Election Stress Getting To You? Four Ways To Keep Calm
This story is excerpted from a longer one that was published on NPR on October 26. The full article is available here.
With Election Day just around the corner, many of us are on edge. Nearly 70 percent of people said the elections are a significant source of stress, according to a survey out this month from the American Psychological Association.
The survey also found that a majority—77 percent—are worried about the country’s future, says Vaile Wright, senior director of health care innovation at the American Psychological Association (APA). “Seventy-one percent said that this is the lowest point in our nation’s history that they can remember.”
Ways to cope with the stress
Uncertainty really gets to us, says Lynn Bufka, a psychologist with the APA. “What causes stress and uncertainty is when things feel out of our control, when they seem like we don’t know what’s going to happen,” she says.
A good way to cope with all the unknowns is to start by managing our expectations, says Bufka. And then focus on the big picture. Here’s how.
- Prepare mentally for delayed results
First of all, expect delays in election results. “The reason that’s important is mentally, if we’re expecting a clear answer and we don’t have it, that just extends the uncertainty for us,” she says.
It could be days or a couple of weeks before we have a clear answer.
Then, says Bufka, plan how you will spend the time waiting for results. If watching TV, scanning the news, stresses you out, don’t do it. Instead, do something that brings you joy: for example, taking a physically distanced walk with a friend, going for a bike ride or reading a book.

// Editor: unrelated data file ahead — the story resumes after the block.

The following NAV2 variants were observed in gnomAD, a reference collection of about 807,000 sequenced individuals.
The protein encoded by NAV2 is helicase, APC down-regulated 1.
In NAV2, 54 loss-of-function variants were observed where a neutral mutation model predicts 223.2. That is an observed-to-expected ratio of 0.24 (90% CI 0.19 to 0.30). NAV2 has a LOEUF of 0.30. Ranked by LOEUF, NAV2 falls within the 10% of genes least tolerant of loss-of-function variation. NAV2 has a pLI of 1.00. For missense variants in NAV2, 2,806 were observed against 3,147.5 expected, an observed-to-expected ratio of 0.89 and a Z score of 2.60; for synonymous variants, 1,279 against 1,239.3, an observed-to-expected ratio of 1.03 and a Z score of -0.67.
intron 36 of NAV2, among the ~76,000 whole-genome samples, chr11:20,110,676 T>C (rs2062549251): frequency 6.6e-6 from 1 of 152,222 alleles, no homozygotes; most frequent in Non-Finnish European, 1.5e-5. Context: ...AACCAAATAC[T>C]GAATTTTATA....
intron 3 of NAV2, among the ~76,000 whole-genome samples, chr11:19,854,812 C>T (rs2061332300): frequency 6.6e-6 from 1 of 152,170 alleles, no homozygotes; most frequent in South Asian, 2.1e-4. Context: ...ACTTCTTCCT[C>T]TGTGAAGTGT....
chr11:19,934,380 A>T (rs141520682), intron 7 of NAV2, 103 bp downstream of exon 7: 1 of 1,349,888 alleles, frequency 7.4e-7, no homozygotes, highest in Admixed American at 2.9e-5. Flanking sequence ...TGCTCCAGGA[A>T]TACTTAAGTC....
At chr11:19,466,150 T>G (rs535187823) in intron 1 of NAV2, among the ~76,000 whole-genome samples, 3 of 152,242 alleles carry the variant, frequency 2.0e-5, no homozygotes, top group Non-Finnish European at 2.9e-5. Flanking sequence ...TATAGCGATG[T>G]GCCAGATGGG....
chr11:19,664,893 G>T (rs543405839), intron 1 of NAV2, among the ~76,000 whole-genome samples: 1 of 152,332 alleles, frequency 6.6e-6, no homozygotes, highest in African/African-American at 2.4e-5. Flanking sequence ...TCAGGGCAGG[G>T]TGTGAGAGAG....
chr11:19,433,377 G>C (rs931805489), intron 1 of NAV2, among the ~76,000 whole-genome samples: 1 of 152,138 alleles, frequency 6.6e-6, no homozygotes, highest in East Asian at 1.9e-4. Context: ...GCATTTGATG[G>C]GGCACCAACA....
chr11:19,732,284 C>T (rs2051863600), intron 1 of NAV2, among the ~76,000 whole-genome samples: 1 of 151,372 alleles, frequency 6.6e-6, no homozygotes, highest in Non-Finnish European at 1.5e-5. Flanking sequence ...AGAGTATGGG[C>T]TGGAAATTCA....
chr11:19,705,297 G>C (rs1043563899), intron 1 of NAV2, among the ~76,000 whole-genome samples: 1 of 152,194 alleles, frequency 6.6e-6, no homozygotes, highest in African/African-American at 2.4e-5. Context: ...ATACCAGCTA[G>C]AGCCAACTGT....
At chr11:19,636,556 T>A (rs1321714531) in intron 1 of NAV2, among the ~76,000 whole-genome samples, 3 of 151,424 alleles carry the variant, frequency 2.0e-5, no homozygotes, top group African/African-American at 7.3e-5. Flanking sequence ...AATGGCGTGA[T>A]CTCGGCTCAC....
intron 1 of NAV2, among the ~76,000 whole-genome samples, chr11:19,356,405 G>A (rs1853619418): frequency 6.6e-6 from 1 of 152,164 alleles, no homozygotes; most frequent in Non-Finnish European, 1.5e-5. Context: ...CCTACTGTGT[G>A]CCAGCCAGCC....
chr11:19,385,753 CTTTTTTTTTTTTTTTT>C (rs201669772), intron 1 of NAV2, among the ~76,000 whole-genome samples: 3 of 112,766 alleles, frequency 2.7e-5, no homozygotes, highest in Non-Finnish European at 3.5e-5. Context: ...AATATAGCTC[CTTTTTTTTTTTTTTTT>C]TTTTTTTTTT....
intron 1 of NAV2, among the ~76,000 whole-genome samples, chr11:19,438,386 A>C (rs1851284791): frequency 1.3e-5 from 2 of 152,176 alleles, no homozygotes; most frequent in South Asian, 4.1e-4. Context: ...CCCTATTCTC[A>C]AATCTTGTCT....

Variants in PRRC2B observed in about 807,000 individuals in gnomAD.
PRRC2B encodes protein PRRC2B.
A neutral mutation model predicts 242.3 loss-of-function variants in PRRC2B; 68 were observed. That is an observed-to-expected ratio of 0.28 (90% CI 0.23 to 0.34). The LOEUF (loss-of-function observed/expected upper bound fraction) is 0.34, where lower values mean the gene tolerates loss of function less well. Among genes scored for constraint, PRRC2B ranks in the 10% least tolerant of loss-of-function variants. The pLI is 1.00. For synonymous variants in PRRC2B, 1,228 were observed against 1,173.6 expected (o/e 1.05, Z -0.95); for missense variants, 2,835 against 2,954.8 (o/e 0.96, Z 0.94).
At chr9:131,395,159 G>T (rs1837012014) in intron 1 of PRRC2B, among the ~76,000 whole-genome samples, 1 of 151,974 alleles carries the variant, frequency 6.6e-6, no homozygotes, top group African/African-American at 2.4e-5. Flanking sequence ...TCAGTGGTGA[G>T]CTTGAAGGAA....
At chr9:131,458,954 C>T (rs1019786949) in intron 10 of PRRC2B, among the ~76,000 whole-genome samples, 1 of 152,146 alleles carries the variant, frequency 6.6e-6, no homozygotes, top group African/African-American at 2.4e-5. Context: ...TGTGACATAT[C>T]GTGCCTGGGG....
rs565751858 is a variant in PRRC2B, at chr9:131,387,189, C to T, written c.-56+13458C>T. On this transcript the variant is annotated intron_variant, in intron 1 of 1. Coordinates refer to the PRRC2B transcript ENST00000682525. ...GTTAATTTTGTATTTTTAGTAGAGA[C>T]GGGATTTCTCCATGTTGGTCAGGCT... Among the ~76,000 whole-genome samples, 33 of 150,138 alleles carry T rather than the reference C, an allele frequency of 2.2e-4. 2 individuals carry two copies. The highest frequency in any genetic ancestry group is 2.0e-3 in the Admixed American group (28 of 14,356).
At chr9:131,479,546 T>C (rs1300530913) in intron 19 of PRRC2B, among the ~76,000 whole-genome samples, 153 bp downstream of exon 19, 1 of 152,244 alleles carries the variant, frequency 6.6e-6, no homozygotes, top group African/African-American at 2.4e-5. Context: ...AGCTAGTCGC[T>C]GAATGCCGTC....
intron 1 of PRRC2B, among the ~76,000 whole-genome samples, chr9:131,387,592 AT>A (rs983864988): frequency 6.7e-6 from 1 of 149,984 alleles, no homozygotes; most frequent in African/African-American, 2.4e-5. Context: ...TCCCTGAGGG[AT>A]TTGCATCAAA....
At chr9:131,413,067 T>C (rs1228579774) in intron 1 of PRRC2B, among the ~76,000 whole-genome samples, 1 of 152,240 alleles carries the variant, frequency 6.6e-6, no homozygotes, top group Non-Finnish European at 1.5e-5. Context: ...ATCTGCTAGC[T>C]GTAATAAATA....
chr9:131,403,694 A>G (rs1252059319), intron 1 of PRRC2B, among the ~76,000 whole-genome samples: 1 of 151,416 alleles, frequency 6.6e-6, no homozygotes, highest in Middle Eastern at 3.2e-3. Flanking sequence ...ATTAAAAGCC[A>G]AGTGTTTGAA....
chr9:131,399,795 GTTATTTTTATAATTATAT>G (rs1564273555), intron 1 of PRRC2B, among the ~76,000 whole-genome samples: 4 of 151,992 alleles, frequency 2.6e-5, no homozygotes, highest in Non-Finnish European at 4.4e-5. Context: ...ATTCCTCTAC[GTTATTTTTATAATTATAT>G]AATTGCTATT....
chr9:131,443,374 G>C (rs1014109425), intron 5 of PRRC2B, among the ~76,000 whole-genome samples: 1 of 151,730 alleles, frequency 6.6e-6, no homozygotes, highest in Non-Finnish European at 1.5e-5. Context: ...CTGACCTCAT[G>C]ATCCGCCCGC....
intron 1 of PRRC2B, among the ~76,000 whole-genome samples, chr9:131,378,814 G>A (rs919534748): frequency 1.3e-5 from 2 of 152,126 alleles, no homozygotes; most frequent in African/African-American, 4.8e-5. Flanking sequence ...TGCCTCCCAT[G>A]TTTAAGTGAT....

- Double down on stress-reducing habits
There are also some simple, healthy habits that are known to buffer us against stress, says Wright.
“We need to be eating healthy. We need to really be getting the right amount of sleep,” she says. “We need to be staying active. That can mean even just going for a walk. And we need to maintain those social connections.”
- Replace scrolling with something nourishing
It helps to unplug from news and devices every now and then, Wright says. “We need to know what’s going on, but we don’t need the late-breaking news every second of the day,” she says. “We know that that connection to our devices … a constant connection to information, actually drives up our stress levels.”
- Look for signs of hope
The new survey also found that the majority of Americans do still feel hopeful despite their stresses.
If you are experiencing significant anxiety or stress in anticipation of Election Day, remember that confidential support is available through the Employee Assistance Program (EAP). To contact the In-House EAP, call 240-314-1040 or email Jeffrey Becker LCSW-C, CEAP, or Robyn Rosenbauer LCSW-C, CEAP. You may also contact the External EAP – KEPRO at 866-496-9599 or EAPhelplink.com, passcode: MCPS